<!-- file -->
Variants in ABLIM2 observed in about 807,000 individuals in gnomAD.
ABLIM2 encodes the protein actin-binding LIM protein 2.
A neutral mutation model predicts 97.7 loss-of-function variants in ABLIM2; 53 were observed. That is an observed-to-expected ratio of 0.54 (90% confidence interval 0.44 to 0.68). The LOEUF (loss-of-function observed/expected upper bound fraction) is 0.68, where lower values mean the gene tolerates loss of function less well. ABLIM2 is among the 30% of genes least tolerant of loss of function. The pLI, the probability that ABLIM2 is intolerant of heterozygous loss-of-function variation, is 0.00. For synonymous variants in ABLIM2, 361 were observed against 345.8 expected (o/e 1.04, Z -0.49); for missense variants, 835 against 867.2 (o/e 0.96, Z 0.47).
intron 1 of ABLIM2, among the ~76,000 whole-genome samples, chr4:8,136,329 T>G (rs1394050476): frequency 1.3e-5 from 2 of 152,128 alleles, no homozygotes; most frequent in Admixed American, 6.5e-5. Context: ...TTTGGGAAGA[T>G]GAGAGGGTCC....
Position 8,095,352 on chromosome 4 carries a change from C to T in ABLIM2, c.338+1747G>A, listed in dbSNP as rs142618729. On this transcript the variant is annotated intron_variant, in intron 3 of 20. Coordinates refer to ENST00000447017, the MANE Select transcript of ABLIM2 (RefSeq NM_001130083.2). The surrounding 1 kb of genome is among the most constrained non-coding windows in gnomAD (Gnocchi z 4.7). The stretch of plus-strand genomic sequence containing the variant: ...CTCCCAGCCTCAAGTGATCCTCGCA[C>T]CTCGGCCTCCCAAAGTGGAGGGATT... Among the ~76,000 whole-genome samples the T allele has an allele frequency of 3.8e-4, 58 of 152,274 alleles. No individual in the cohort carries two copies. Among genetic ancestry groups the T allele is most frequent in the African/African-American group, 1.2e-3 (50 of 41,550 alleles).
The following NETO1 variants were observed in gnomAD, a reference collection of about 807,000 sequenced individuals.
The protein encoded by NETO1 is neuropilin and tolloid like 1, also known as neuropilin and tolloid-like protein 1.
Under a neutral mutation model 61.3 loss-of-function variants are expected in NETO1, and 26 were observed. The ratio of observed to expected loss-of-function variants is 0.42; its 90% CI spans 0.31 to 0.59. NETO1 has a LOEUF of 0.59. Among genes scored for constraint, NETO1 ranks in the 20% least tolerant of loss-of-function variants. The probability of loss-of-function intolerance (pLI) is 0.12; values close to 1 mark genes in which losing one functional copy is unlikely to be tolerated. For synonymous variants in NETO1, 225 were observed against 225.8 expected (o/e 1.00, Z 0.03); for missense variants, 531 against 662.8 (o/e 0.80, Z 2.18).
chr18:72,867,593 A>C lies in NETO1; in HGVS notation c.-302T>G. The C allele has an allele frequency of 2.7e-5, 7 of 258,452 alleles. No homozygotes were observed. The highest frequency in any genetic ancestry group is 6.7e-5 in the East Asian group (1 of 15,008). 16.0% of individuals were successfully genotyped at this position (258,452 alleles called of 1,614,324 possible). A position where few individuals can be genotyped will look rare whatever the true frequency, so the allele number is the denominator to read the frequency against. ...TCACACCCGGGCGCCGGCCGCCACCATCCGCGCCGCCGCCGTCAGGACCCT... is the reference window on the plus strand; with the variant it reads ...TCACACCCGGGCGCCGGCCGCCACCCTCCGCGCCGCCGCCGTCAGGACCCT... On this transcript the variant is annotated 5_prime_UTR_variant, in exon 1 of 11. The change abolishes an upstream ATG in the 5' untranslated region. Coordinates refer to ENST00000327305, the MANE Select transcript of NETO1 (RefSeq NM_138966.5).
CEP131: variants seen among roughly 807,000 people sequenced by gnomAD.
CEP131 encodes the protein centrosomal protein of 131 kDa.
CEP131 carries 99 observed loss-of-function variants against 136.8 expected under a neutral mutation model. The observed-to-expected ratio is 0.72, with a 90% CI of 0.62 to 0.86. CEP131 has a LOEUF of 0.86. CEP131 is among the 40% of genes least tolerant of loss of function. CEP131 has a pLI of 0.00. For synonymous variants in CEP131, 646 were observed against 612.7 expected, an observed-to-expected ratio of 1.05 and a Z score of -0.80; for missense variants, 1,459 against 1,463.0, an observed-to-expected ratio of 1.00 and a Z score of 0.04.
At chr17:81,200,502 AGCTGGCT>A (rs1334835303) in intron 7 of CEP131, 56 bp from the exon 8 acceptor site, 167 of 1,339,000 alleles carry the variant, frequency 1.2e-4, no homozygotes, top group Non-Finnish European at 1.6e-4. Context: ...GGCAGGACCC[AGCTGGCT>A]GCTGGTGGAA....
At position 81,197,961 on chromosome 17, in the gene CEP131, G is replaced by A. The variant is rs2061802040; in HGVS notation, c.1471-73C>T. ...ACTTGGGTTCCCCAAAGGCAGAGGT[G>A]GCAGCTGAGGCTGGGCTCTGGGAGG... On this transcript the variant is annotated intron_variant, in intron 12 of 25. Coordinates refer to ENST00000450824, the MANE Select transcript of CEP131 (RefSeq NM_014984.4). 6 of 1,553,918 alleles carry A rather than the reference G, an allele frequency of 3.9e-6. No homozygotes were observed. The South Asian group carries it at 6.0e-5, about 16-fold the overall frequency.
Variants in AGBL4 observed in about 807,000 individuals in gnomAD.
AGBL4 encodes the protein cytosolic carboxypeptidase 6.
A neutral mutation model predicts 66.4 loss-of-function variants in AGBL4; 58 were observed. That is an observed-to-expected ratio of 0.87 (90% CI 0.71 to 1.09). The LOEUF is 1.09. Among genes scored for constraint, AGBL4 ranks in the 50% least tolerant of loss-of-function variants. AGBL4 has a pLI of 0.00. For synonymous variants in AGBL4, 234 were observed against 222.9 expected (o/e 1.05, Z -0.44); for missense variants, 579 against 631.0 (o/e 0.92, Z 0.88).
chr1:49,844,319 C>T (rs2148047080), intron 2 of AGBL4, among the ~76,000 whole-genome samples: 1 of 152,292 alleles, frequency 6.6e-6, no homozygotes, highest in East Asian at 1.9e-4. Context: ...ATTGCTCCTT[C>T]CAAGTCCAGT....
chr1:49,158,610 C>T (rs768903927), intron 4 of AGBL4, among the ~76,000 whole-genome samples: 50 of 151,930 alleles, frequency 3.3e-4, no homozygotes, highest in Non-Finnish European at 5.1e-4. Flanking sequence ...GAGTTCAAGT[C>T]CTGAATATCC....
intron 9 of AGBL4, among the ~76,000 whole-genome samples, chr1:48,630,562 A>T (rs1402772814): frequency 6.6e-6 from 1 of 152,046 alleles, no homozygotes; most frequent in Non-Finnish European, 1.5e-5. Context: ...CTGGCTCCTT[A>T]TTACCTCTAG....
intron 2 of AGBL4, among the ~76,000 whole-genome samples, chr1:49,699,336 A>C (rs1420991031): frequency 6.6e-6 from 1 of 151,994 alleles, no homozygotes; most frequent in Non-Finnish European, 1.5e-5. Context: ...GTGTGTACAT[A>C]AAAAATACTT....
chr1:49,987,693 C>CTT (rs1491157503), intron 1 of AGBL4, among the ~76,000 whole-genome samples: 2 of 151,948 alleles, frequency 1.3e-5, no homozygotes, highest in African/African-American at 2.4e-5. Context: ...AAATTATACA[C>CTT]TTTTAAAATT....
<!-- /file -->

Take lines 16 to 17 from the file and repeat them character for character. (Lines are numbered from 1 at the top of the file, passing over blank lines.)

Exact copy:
AGBL4 encodes the protein cytosolic carboxypeptidase 6.
A neutral mutation model predicts 66.4 loss-of-function variants in AGBL4; 58 were observed. That is an observed-to-expected ratio of 0.87 (90% CI 0.71 to 1.09). The LOEUF is 1.09. Among genes scored for constraint, AGBL4 ranks in the 50% least tolerant of loss-of-function variants. AGBL4 has a pLI of 0.00. For synonymous variants in AGBL4, 234 were observed against 222.9 expected (o/e 1.05, Z -0.44); for missense variants, 579 against 631.0 (o/e 0.92, Z 0.88).